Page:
The AP is reporting that Wayne Hammon, Gov. Butch Otter's budget director since 2007, is leaving to run the Associated General Contractors.
I congratulate Hammon, whose readiness to move on was well-documented after he made the 2011 short list to be the lobbyist for the University of Idaho. That job went to former Sen. Joe Stegner, but Hammon shook off the disappointment and kept working hard during the 2012 session. He now replaces Mark Dunham, who resigned in June because of health reasons. Hammon's state salary was $119,413.
I'll miss Hammon because he represented the counter-culture in the Otter administration, which is led by the least accessible of the five governors I've covered since 1987.
My affection for Hammon is partly selfish. He was great copy.
He accused the Legislature of having "sneaked" the money to buy laptops for lawmakers, after Otter vetoed an appropriation; said no federal stimulus money would go to spur bicycle commuting because "The future of Idaho is not contained in the North End;" and clashed openly with Senate Finance Committee Chairman Dean Cameron over Otter's alleged Svengali, Mike Gwartney.
After the laptop flap in 2009, House Majority Leader Mike Moyle said Otter should have canned Hammon, who ran the U.S. Department of Agriculture's Farm Service Agency in Idaho during the Bush administration.
"You cut off the mule in the middle of the string that's hanging you up," Moyle jibed, only later forgiving Hammon.
Hammon was happy to play the bad guy, as in 2007, when fresh from the box, he chided the State Board of Education for failing to follow the law and Otter's policy in budget writing.
I saw Hammon as a whiff of fresh air, someone who believed the public had a right to quick and quality information in the course of spending taxpayer money.
With budgets driving the public agenda -- hundreds of millions of dollars in holdbacks, a $1.2 billion federal stimulus, ongoing disagreement about state worker pay and benefits -- Hammon was Otter's go-to guy. Reaching Otter directly requires good luck, typically meeting him in a hallway or staking out an event.
Hammon was always swift to reply on Otter's behalf, providing solid information. Sadly, Hammon's wings were clipped of late, with a PR handler required to listen in or filter his responses.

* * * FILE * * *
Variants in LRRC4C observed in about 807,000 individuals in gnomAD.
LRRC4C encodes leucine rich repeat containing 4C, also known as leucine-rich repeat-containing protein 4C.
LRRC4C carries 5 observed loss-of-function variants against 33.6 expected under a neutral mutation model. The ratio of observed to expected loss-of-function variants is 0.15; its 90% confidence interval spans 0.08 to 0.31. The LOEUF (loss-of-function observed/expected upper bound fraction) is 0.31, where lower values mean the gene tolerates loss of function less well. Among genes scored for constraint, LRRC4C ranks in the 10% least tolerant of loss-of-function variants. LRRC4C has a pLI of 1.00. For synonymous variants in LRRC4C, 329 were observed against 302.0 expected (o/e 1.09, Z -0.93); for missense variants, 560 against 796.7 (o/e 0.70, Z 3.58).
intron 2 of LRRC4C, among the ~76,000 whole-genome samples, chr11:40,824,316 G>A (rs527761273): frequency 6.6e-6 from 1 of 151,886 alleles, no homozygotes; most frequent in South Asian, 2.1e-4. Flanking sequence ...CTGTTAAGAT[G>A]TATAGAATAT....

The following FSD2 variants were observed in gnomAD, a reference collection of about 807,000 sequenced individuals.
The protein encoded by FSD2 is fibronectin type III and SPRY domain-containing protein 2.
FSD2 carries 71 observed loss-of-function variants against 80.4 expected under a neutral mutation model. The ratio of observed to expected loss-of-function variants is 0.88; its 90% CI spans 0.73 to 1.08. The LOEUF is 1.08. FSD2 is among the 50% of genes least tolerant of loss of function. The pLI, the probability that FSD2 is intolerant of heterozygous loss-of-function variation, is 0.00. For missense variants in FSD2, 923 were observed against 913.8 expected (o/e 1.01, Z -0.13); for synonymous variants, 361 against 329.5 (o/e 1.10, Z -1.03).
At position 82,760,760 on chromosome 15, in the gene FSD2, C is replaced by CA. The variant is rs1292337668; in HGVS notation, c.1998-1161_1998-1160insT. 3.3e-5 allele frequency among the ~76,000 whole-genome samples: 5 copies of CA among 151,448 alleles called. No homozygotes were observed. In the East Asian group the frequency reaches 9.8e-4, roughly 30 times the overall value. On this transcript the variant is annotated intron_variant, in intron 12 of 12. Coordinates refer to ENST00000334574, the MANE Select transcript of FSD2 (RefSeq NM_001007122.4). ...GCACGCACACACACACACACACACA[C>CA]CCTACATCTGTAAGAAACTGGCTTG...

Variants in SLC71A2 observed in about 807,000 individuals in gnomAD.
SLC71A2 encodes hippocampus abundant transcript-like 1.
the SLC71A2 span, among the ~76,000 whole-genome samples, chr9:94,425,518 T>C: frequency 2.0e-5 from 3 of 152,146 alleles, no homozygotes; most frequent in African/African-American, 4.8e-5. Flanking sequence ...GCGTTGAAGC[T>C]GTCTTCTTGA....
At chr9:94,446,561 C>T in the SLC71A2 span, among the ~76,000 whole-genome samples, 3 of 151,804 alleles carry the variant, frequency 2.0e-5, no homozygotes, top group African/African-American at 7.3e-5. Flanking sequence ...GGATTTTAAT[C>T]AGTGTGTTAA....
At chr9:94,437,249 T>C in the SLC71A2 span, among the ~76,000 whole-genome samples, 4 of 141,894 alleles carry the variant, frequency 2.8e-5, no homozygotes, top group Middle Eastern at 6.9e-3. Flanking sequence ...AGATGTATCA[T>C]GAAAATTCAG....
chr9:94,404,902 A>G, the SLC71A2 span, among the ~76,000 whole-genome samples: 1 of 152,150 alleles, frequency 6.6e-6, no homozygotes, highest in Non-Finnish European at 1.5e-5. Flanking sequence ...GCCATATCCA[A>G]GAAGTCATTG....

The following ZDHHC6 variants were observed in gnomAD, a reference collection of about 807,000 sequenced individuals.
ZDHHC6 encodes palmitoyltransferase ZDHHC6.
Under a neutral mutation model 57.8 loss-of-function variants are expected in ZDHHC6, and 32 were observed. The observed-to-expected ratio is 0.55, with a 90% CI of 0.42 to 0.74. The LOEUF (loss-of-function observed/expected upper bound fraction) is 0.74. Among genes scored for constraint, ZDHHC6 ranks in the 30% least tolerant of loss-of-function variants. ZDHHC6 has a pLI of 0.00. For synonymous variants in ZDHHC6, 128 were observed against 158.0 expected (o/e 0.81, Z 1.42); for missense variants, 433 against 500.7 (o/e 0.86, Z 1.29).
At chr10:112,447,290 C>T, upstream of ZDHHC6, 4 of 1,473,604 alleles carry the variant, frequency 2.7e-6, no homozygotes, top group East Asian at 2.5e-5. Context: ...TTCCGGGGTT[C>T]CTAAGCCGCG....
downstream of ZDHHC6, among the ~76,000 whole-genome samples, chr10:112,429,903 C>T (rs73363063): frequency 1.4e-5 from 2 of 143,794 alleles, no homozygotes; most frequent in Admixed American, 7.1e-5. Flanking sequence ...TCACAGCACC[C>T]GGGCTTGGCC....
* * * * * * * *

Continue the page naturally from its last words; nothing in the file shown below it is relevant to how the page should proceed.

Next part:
Otter and Hammon both had extraordinarily difficult jobs to do as the budget cratered. They shied from overstating surpluses, prompting cuts that proved too deep in the eyes of many constituent groups. But cuts may well have been far worse had the Otter crew not been a check on the "Starve the Beast" element in the Legislature, which aims to create structural deficits to permanently shrink state services.
Hammon remained loyal, providing a plausible defense of Otter in a story I wrote about how the governor's workload had dropped by about 30 percent in his fifth year in office.
Hammon was one of the good guys. He's got young children and running the Division of Financial Management is grind-you-down duty, especially so during times as hard as these. His new job, while challenging, should give him more time to enjoy the cherubs. And Wayne, I hope you forgive me for saying nice things about you in public.
Below is Otter's news release on Hammon's departure:
STATE BUDGET DIRECTOR LEAVING TO LEAD IDAHO’S ASSOCIATED GENERAL CONTRACTORS
(BOISE) – Governor C.L. “Butch” Otter today announced the resignation of Wayne Hammon, administrator of the Governor’s Division of Financial Management (DFM), effective September 28. Hammon is leaving to accept the position of executive director for the Idaho Associated General Contractors (AGC).
“It has been a true honor to serve in Governor Otter’s Cabinet. He has been and continues to be more than just a boss to me, but also a mentor and a friend,” Hammon said. “I am proud to have helped play a role in guiding Idaho through some tough economic waters. I believe that with Governor Otter’s continued leadership our great state is on the path to prosperity.”
The Governor named David Fulkerson, currently DFM’s deputy administrator, to serve as interim administrator during the search for Hammon’s permanent replacement.
Hammon became budget director in July 2007, just half a year into Governor Otter’s first term. He managed spending holdbacks prompted by recession in 2008, 2009 and 2010 to keep the State budget balanced and rein in government growth, and oversaw Idaho’s response to and allocation of the massive federal stimulus program called the American Recovery and Reinvestment Act of 2009. He also instituted a nationally recognized zero-base budgeting process that has dramatically changed the way State agencies use and account for taxpayer dollars.
“Wayne has set a high bar for anyone else to clear. He has been in turns decisive and cautious as required, firm when it was called for and consistently responsive and thorough,” Governor Otter said. “He has been a great sounding board and a reliable, trustworthy partner in public service. He will be greatly missed, but I wish him all the success in the world in this new endeavor.”
At AGC, Hammon will succeed Mark Dunham, who resigned in June.
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